There are a few main points to consider when deciding which fiber supplement to try, and this page gives an overview of the things you might look for in your supplement. Bear in mind that all fiber supplements should be taken in small doses at first, with lots of water, while you work your way up to the recommended dose. Also, if the first supplement you try gives you bad gas or other IBS symptoms then it is always worth trying another type of fiber. The recommended intake of fiber for an average person is 25 to 35 grams per day (source: the American Dietetic Association).
Type of fiber
The leading brands use a range of different fibers in their products. The most common type of fiber is psyllium, a soluble plant fiber found in Metamucil and Konsyl. This is a popular fiber for helping to relieve constipation, and it may also help general IBS symptoms. It is worth noting though that some people do experience problems with psyllium fiber and may find another type less harsh on their stomachs.
Other brands use methylcellulose (a plant fiber found in Citrucel), calcium polycarbophil (a synthetic fiber found in Fibercon and Equalactin), and guar gum (the plant fiber in Benefiber, although some Benefiber products now use wheat dextrin as well). There's no easy way to say which fiber will suit you the best, and it may be a trial and error process to find one that works for you. A final type of fiber, acacia fiber, is also available.
All of these fiber supplements contain soluble fiber, which means that the fiber absorbs water and forms a gel when mixed with liquid, which is why it can be so useful in helping food move smoothly through the gut. Soluble fiber is now generally accepted to be more helpful in easing IBS symptoms than insoluble fiber, which is why the old treatment of giving IBS patients lots of bran has now fallen out of fashion (bran contains insoluble fiber). However, it is still important to eat insoluble fiber in your diet as it is important for good health.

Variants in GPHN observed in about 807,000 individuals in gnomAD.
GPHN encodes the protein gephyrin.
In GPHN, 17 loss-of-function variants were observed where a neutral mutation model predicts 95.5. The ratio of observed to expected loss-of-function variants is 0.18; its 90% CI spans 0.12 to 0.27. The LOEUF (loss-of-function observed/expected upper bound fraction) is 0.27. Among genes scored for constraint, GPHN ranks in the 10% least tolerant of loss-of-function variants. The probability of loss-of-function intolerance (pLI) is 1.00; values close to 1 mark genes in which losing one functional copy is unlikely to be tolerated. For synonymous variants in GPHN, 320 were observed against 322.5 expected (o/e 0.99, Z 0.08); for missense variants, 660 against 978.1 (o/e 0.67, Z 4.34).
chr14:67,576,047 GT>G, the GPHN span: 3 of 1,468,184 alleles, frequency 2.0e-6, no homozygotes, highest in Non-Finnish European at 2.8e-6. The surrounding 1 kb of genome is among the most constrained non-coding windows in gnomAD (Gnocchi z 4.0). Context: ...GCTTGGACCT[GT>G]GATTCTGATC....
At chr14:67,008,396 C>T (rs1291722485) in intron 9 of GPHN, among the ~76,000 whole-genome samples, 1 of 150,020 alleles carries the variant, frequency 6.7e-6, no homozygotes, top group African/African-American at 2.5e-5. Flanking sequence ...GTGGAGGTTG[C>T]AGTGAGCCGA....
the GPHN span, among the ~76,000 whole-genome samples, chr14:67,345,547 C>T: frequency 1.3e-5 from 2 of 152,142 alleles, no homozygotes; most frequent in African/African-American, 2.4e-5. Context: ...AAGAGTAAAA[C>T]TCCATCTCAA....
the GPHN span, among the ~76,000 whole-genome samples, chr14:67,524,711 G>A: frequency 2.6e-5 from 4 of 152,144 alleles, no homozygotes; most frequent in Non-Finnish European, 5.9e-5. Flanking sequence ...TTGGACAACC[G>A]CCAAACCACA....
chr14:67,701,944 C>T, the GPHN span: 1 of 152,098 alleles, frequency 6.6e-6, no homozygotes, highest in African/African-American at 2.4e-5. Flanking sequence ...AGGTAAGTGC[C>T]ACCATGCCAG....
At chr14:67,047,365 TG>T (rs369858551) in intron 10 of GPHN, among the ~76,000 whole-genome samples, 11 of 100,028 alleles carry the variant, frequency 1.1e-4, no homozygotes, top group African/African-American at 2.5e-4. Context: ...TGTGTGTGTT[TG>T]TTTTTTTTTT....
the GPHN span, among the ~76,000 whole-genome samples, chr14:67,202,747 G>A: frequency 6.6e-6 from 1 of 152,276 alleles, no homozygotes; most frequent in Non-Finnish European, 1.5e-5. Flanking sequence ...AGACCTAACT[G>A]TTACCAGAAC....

Grams of fiber per serving
Because they are made from different ingredients, fiber supplements also contain differing amounts of actual fiber per dose. Here is a rough guide to the fiber quantities in each product:
Many of the brands have added flavoring, often orange for some reason, to make the supplements more palatable and easy to drink. Alternatively, some of the brands such as Citrucel offer a clear mix version, where no flavoring is added and the powder can be stirred into any drink without changing the flavor.
It may be worth steering clear of any 'sugar-free' versions of fiber. This is because the sweeteners which are used instead of sugar may irritate a sensitive IBS bowel. Sweetener names to look out for include sorbitol, aspartame and sucralose, among others. Be vigilant for other ingredients as well - although most of the supplements only contain fiber plus added flavors or sweeteners, you may come across one or two which also include a chemical laxative, which could be harmful if taken for a long period of time.
Some IBS sufferers find that their symptoms improve if they avoid gluten. Here are the gluten-related details for each of the main fiber supplements:
fiber supplements are frequently sold in a powder form which comes in a tub and is mixed into water or soft food. However, there are now several other ways to take fiber. Metamucil produce a wafer form of their product, Benefiber produce chewable orange tablets, and Fibercon comes in capsule form.
In fact, most of the leading brands now produce their fiber in either tablet or wafer form, so if you are traveling or staying with friends you can easily take some fiber with you without carrying around a big tub of powder.
Finally, of course, most of us need to think about the price, especially if we are going to be using the supplement over a long period of time. Fortunately, fiber supplements are generally cheap because they are relatively simple products made from inexpensive ingredients.
For example, a standard 48oz tub of Metamucill will generally cost around $12-13. Prices do vary between the different supplements though, so if money is a real worry for you then you could consider choosing a cheaper supplement, especially if you are choosing between two supplements which use the same type of fiber (such as the psyllium fiber in Konsyl and Metamucil).
OK, now I'm confused - can you recommend one to try?
If you've never tried a fiber supplement before I would recommend trying acacia fiber. I would recommend this one because it is not a psyllium product (psyllium can agitate some IBS stomachs), it contains a high level of fiber per dose (4.5 grams), and it is made by Heather Van Vorous, who is an expert on IBS and has written some of the bestselling books on IBS, including Eating for IBS and The First Year - IBS.
acacia fiber is also designed to have prebiotic properties, meaning that it helps to nourish the friendly bacteria in the gut which can help digestion.